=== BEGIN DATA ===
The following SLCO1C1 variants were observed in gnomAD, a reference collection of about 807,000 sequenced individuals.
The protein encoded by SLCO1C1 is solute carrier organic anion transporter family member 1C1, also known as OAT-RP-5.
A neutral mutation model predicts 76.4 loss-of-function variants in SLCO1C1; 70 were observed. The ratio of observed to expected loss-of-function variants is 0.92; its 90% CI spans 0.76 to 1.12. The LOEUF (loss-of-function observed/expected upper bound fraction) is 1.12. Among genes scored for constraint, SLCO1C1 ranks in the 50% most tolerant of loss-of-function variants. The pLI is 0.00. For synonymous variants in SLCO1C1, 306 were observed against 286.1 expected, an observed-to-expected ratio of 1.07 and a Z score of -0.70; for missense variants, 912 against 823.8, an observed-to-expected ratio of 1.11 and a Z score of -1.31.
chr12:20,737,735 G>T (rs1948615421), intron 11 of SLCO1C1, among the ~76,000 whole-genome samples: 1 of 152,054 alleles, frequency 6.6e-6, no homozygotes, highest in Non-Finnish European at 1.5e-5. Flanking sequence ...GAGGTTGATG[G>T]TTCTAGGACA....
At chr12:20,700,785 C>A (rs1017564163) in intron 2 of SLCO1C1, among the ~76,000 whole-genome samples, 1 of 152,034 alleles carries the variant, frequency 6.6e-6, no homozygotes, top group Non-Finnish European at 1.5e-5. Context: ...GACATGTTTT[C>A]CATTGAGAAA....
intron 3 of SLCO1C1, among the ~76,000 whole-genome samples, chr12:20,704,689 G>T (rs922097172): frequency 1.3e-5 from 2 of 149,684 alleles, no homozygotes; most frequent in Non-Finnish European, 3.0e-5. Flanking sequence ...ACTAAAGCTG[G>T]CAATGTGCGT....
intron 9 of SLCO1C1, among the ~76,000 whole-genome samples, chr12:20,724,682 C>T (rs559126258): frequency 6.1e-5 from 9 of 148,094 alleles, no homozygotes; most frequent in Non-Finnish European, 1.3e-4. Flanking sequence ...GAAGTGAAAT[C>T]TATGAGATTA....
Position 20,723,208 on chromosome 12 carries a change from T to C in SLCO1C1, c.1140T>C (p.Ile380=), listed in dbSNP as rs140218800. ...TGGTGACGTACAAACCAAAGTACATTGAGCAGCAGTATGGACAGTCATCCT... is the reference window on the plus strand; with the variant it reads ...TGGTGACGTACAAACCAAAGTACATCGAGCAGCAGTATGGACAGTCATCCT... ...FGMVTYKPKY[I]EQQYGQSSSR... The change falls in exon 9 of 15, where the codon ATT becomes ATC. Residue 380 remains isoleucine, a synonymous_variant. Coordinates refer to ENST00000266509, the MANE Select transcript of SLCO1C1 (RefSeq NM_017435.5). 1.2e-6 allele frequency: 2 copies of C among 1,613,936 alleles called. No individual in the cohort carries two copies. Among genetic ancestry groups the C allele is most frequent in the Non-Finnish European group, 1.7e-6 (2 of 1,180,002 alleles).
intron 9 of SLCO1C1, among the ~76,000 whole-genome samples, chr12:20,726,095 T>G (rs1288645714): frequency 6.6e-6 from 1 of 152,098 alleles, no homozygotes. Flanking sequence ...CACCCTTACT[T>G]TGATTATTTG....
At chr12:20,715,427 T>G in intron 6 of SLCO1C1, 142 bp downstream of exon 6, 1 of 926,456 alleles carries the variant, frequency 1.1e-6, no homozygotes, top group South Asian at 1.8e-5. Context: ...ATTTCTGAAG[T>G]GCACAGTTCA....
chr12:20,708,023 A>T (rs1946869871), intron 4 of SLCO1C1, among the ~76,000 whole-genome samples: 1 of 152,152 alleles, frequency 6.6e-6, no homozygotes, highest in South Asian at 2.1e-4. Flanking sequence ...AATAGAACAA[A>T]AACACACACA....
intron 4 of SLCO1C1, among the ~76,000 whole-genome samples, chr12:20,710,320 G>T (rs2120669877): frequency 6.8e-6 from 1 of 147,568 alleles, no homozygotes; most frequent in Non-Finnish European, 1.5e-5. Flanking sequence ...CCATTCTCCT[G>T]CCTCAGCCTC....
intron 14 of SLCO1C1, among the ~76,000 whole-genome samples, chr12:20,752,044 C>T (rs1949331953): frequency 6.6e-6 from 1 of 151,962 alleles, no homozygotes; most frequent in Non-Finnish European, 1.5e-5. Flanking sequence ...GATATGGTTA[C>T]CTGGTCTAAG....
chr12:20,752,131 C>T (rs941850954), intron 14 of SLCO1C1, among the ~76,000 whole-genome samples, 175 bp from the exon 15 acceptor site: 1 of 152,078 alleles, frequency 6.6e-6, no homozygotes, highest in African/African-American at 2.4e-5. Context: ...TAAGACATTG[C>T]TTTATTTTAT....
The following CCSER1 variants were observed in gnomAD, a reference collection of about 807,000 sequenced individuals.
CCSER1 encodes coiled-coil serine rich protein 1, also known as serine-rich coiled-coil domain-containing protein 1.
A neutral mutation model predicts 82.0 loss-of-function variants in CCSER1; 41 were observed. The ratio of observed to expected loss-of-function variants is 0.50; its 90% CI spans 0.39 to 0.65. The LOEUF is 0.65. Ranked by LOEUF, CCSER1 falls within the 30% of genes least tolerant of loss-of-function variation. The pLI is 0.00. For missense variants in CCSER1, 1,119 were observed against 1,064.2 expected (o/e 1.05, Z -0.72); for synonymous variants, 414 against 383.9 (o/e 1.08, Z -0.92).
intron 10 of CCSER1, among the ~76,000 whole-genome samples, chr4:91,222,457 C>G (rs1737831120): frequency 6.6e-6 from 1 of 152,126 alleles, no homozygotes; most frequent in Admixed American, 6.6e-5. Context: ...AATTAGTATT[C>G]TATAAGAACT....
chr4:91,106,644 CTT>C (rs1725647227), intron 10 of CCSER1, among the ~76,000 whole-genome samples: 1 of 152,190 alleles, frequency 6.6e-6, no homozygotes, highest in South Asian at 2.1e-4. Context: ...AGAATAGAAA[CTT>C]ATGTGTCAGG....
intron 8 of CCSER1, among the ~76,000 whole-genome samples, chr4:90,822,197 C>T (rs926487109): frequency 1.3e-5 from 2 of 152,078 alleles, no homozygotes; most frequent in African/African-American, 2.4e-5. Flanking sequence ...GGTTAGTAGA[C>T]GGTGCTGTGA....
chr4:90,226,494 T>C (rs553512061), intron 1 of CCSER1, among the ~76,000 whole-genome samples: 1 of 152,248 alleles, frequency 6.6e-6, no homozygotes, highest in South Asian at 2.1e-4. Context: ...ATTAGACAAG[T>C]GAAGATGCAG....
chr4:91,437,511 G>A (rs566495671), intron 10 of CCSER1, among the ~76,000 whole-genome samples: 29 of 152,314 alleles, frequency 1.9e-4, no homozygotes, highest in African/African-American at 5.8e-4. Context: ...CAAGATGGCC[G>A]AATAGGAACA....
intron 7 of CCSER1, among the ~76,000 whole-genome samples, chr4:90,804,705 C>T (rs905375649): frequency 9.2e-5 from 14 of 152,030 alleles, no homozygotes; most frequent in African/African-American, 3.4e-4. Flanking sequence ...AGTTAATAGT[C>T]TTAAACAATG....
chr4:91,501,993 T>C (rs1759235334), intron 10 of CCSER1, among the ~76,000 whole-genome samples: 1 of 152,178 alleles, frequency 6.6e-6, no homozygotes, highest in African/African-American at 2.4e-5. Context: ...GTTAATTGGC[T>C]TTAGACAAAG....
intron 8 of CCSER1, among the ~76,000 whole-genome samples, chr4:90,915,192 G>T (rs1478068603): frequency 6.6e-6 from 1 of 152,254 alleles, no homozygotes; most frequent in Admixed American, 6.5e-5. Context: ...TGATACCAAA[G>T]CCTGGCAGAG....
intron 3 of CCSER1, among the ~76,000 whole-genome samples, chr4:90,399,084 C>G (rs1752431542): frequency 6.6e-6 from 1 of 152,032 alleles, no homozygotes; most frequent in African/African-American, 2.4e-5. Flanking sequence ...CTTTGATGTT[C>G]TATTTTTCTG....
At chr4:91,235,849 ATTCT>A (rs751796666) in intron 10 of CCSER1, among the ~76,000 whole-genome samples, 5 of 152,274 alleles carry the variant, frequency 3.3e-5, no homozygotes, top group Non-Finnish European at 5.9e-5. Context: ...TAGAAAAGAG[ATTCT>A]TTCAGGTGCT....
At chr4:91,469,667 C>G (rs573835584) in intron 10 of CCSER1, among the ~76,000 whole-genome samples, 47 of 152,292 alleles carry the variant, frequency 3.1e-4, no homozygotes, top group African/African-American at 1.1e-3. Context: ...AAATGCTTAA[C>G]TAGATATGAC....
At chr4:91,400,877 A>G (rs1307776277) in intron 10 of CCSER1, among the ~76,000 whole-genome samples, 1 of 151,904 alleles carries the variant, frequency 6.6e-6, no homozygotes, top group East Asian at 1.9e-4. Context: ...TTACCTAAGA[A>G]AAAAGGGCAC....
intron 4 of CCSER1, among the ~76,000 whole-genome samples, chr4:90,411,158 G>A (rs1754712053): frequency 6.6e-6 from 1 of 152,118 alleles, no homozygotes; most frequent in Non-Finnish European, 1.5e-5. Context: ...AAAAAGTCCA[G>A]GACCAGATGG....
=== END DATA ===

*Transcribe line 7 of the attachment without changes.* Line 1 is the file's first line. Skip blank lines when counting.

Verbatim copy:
intron 9 of SLCO1C1, among the ~76,000 whole-genome samples, chr12:20,724,682 C>T (rs559126258): frequency 6.1e-5 from 9 of 148,094 alleles, no homozygotes; most frequent in Non-Finnish European, 1.3e-4. Flanking sequence ...GAAGTGAAAT[C>T]TATGAGATTA....